Impunity and Grave Human Rights Violations

To be a Woman and Dissapear: Gender-related Standards of the Inter-American Court of Human Rights in Cases of Enforced Disappearance

The Inter-American Court of Human Rights (IACHR) has heard, since its first judgments, cases in which some or some of the victims of enforced disappearance have been women. Although these decisions in which a gender-differentiated approach has been applied are still rare, the standards produced are undoubtedly a relevant input to guide the activities of States in the face of disappearances. 


Roles and Responsibilities of the Private Sector in Transitional Justice Processes in Latin America - The cases of Colombia, Guatemala, and Argentina

During the second half of the 20th century, several Latin American societies underwent periods of widespread brutal repression and/or internal armed conflict that left in their wake a legacy of massive human rights violations and significant weakening of democratic institutions.


A Necessary Reform for the Complete Reparation of Victims of the Armed Conflict in El Salvador

Experts estimate that El Salvador’s 12-year armed conflict resulted in around 75,000 deaths, at least 5,000 disappearances, more than 100 displaced people and the entire El Salvadorian population due to the prolonged, overarching impact of the conflict. Most of these crimes remain unpunished to date.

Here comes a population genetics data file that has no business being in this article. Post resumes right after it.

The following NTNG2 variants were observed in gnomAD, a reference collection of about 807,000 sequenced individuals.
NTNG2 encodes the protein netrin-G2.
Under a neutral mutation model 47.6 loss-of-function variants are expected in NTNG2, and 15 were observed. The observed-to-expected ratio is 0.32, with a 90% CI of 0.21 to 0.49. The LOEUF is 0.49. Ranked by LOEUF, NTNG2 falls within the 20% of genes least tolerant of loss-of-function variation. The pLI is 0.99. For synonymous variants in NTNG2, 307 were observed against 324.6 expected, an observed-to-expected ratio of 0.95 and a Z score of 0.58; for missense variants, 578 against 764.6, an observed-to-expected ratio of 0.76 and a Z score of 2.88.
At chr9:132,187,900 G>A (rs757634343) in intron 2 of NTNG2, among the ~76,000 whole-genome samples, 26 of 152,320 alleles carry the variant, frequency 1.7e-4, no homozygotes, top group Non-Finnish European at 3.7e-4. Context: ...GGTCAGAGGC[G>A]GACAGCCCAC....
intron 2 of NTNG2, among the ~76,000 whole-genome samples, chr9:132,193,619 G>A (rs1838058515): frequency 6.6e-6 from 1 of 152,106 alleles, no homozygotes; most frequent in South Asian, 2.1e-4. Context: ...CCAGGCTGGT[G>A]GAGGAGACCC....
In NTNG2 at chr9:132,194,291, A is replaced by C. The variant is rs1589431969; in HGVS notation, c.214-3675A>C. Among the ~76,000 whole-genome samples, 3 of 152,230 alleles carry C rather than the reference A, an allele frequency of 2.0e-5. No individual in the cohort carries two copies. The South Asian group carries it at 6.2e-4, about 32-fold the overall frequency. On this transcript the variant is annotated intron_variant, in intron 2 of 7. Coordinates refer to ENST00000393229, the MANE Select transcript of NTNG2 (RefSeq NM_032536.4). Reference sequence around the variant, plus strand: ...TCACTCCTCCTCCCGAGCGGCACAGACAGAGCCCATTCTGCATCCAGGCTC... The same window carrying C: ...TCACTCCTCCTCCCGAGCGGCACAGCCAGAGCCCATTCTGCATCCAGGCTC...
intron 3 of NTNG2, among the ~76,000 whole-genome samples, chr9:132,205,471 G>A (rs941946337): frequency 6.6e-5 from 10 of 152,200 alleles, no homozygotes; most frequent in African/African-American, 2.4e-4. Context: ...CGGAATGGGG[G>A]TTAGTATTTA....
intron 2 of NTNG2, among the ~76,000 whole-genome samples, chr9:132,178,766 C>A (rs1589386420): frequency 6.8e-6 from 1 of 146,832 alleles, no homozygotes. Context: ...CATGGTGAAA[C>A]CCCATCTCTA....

Transitional Justice in the Aftermath of Civil Conflict: Lessons Learned from Peru, Guatemala, and El Salvador

As transitional justice has become both a global idea and a global practice, there is an increasing need to better understand not only the design and implementation of transitional justice mechanisms, but their impact and significance as well. Any such effort requires an examination of the specific mechanisms of transitional justice, as well as the broader political context that gives shape to these mechanisms and their implementation.


From amnesia to memory, from memory to justice: the case of El Salvador

This article proposes that, since the amnesty law of El Salvador was invalidated by a constitutional decision in July 2016, the country faces a new historical, political and legal opportunity to address the impunity of serious crimes committed during the armed conflict that took place between 1980 and 1992. Improvements in accountability for past atrocities would benefit the fight against impunity of the present.



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